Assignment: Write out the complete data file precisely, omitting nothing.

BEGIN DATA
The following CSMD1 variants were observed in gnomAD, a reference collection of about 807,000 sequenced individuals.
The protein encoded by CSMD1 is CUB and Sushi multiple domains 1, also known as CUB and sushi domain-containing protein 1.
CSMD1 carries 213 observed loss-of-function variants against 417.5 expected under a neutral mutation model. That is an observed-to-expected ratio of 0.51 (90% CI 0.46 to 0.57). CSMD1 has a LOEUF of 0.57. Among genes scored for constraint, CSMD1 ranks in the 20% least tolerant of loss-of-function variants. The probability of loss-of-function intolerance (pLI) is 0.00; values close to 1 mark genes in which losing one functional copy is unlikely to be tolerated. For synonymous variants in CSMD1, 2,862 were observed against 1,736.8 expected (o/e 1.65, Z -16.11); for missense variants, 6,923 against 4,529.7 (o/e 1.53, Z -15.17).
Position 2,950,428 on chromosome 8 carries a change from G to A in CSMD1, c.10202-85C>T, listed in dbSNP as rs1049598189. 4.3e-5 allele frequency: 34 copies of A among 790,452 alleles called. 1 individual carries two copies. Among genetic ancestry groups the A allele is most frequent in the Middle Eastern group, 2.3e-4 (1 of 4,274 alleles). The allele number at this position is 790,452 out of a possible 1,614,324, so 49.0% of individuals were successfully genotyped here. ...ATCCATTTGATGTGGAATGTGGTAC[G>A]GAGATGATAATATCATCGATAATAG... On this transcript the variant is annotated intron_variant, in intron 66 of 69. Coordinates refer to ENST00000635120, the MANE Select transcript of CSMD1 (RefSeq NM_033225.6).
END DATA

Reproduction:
The following CSMD1 variants were observed in gnomAD, a reference collection of about 807,000 sequenced individuals.
The protein encoded by CSMD1 is CUB and Sushi multiple domains 1, also known as CUB and sushi domain-containing protein 1.
CSMD1 carries 213 observed loss-of-function variants against 417.5 expected under a neutral mutation model. That is an observed-to-expected ratio of 0.51 (90% CI 0.46 to 0.57). CSMD1 has a LOEUF of 0.57. Among genes scored for constraint, CSMD1 ranks in the 20% least tolerant of loss-of-function variants. The probability of loss-of-function intolerance (pLI) is 0.00; values close to 1 mark genes in which losing one functional copy is unlikely to be tolerated. For synonymous variants in CSMD1, 2,862 were observed against 1,736.8 expected (o/e 1.65, Z -16.11); for missense variants, 6,923 against 4,529.7 (o/e 1.53, Z -15.17).
Position 2,950,428 on chromosome 8 carries a change from G to A in CSMD1, c.10202-85C>T, listed in dbSNP as rs1049598189. 4.3e-5 allele frequency: 34 copies of A among 790,452 alleles called. 1 individual carries two copies. Among genetic ancestry groups the A allele is most frequent in the Middle Eastern group, 2.3e-4 (1 of 4,274 alleles). The allele number at this position is 790,452 out of a possible 1,614,324, so 49.0% of individuals were successfully genotyped here. ...ATCCATTTGATGTGGAATGTGGTAC[G>A]GAGATGATAATATCATCGATAATAG... On this transcript the variant is annotated intron_variant, in intron 66 of 69. Coordinates refer to ENST00000635120, the MANE Select transcript of CSMD1 (RefSeq NM_033225.6).